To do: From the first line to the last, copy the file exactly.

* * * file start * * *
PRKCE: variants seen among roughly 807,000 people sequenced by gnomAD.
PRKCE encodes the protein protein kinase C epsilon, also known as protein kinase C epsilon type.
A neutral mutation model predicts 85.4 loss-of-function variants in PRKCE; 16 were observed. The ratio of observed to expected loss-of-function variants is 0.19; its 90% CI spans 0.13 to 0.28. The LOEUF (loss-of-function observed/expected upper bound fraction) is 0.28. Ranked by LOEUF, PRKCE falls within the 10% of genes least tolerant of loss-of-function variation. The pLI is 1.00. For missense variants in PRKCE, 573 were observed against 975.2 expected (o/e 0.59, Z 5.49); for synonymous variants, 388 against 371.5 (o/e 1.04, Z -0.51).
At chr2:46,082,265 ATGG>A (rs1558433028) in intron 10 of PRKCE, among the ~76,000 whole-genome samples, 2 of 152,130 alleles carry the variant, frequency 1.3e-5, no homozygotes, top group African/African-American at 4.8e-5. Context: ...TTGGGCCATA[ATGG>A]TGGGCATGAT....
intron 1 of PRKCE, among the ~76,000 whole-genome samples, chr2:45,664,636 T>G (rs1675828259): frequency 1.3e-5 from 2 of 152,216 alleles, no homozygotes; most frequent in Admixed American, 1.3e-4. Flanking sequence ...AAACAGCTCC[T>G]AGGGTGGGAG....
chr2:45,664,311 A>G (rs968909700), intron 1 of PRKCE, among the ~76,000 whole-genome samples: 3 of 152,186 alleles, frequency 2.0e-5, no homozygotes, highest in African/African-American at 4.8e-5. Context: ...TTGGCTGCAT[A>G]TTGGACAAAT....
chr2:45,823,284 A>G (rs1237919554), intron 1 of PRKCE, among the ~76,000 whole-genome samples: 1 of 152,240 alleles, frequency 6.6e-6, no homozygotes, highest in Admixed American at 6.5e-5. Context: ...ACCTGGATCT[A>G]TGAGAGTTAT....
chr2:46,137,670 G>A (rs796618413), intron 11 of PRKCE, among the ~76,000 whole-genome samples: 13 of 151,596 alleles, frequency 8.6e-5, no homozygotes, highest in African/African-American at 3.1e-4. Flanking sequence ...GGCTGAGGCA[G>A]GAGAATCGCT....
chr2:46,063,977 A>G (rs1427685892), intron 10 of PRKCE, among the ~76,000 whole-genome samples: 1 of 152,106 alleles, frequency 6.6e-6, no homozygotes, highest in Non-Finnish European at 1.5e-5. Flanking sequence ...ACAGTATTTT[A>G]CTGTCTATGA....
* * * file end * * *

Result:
PRKCE: variants seen among roughly 807,000 people sequenced by gnomAD.
PRKCE encodes the protein protein kinase C epsilon, also known as protein kinase C epsilon type.
A neutral mutation model predicts 85.4 loss-of-function variants in PRKCE; 16 were observed. The ratio of observed to expected loss-of-function variants is 0.19; its 90% CI spans 0.13 to 0.28. The LOEUF (loss-of-function observed/expected upper bound fraction) is 0.28. Ranked by LOEUF, PRKCE falls within the 10% of genes least tolerant of loss-of-function variation. The pLI is 1.00. For missense variants in PRKCE, 573 were observed against 975.2 expected (o/e 0.59, Z 5.49); for synonymous variants, 388 against 371.5 (o/e 1.04, Z -0.51).
At chr2:46,082,265 ATGG>A (rs1558433028) in intron 10 of PRKCE, among the ~76,000 whole-genome samples, 2 of 152,130 alleles carry the variant, frequency 1.3e-5, no homozygotes, top group African/African-American at 4.8e-5. Context: ...TTGGGCCATA[ATGG>A]TGGGCATGAT....
intron 1 of PRKCE, among the ~76,000 whole-genome samples, chr2:45,664,636 T>G (rs1675828259): frequency 1.3e-5 from 2 of 152,216 alleles, no homozygotes; most frequent in Admixed American, 1.3e-4. Flanking sequence ...AAACAGCTCC[T>G]AGGGTGGGAG....
chr2:45,664,311 A>G (rs968909700), intron 1 of PRKCE, among the ~76,000 whole-genome samples: 3 of 152,186 alleles, frequency 2.0e-5, no homozygotes, highest in African/African-American at 4.8e-5. Context: ...TTGGCTGCAT[A>G]TTGGACAAAT....
chr2:45,823,284 A>G (rs1237919554), intron 1 of PRKCE, among the ~76,000 whole-genome samples: 1 of 152,240 alleles, frequency 6.6e-6, no homozygotes, highest in Admixed American at 6.5e-5. Context: ...ACCTGGATCT[A>G]TGAGAGTTAT....
chr2:46,137,670 G>A (rs796618413), intron 11 of PRKCE, among the ~76,000 whole-genome samples: 13 of 151,596 alleles, frequency 8.6e-5, no homozygotes, highest in African/African-American at 3.1e-4. Flanking sequence ...GGCTGAGGCA[G>A]GAGAATCGCT....
chr2:46,063,977 A>G (rs1427685892), intron 10 of PRKCE, among the ~76,000 whole-genome samples: 1 of 152,106 alleles, frequency 6.6e-6, no homozygotes, highest in Non-Finnish European at 1.5e-5. Flanking sequence ...ACAGTATTTT[A>G]CTGTCTATGA....